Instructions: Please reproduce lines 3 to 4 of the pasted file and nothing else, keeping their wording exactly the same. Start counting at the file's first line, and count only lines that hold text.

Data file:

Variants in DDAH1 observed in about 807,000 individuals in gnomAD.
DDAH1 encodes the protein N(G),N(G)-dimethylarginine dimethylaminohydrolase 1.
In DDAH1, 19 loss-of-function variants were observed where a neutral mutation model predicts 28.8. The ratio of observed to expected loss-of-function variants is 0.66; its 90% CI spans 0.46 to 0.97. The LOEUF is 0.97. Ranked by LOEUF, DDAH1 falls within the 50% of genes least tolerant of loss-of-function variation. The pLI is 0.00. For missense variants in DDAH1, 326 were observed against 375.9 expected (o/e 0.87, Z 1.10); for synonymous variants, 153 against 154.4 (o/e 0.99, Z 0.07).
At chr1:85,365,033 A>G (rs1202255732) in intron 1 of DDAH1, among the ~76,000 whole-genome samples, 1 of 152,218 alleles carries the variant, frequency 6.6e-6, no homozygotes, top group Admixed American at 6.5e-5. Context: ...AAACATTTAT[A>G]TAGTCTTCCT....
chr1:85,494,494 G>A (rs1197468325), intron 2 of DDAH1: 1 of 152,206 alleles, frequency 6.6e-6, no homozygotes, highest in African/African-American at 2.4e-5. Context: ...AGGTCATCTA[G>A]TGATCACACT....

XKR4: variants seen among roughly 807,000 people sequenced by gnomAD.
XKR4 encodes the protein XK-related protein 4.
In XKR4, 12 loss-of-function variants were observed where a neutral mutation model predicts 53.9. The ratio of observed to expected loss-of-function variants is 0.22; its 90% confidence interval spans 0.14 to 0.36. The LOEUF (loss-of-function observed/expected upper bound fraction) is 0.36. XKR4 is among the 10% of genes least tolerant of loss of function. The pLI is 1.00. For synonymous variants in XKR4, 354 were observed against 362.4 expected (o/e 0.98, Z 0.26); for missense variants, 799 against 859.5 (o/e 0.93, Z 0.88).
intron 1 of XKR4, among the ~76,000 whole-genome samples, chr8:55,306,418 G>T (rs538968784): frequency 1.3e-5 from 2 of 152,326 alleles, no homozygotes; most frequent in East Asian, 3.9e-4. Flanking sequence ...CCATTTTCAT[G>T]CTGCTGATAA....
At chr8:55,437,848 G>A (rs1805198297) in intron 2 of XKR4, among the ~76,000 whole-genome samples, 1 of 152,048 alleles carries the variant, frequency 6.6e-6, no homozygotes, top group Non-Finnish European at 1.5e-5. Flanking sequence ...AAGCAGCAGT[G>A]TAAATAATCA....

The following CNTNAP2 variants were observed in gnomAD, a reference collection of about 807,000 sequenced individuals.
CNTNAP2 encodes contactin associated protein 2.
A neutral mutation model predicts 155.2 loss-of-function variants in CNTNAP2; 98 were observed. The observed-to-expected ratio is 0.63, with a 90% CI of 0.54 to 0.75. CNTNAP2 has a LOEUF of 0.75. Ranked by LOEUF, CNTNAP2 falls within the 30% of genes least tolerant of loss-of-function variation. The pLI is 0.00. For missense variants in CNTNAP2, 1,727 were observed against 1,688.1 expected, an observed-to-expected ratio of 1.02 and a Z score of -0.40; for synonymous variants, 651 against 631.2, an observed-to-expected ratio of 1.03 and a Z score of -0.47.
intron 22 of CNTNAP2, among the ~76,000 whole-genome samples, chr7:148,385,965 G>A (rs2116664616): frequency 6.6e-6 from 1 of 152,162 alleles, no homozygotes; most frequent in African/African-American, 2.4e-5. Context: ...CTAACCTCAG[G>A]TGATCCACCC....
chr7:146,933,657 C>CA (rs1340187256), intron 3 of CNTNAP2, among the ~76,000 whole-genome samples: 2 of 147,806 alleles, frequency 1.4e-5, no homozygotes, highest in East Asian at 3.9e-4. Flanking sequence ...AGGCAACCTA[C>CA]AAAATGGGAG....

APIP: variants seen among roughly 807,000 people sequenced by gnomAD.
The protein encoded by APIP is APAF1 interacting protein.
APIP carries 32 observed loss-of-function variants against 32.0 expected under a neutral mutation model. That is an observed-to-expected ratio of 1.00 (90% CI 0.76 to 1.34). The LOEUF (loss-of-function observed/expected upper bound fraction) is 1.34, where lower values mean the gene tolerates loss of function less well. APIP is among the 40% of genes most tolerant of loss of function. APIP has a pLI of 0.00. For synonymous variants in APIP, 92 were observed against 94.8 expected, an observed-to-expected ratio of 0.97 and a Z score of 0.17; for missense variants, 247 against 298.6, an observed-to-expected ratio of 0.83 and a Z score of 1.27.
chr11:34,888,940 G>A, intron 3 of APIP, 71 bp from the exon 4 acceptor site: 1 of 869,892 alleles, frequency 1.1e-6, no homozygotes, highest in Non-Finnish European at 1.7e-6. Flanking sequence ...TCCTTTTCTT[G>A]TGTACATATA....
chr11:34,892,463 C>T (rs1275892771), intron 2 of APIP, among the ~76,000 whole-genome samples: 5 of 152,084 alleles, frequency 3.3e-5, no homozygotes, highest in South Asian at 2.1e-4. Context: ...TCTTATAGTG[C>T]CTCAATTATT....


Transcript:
In DDAH1, 19 loss-of-function variants were observed where a neutral mutation model predicts 28.8. The ratio of observed to expected loss-of-function variants is 0.66; its 90% CI spans 0.46 to 0.97. The LOEUF is 0.97. Ranked by LOEUF, DDAH1 falls within the 50% of genes least tolerant of loss-of-function variation. The pLI is 0.00. For missense variants in DDAH1, 326 were observed against 375.9 expected (o/e 0.87, Z 1.10); for synonymous variants, 153 against 154.4 (o/e 0.99, Z 0.07).
At chr1:85,365,033 A>G (rs1202255732) in intron 1 of DDAH1, among the ~76,000 whole-genome samples, 1 of 152,218 alleles carries the variant, frequency 6.6e-6, no homozygotes, top group Admixed American at 6.5e-5. Context: ...AAACATTTAT[A>G]TAGTCTTCCT....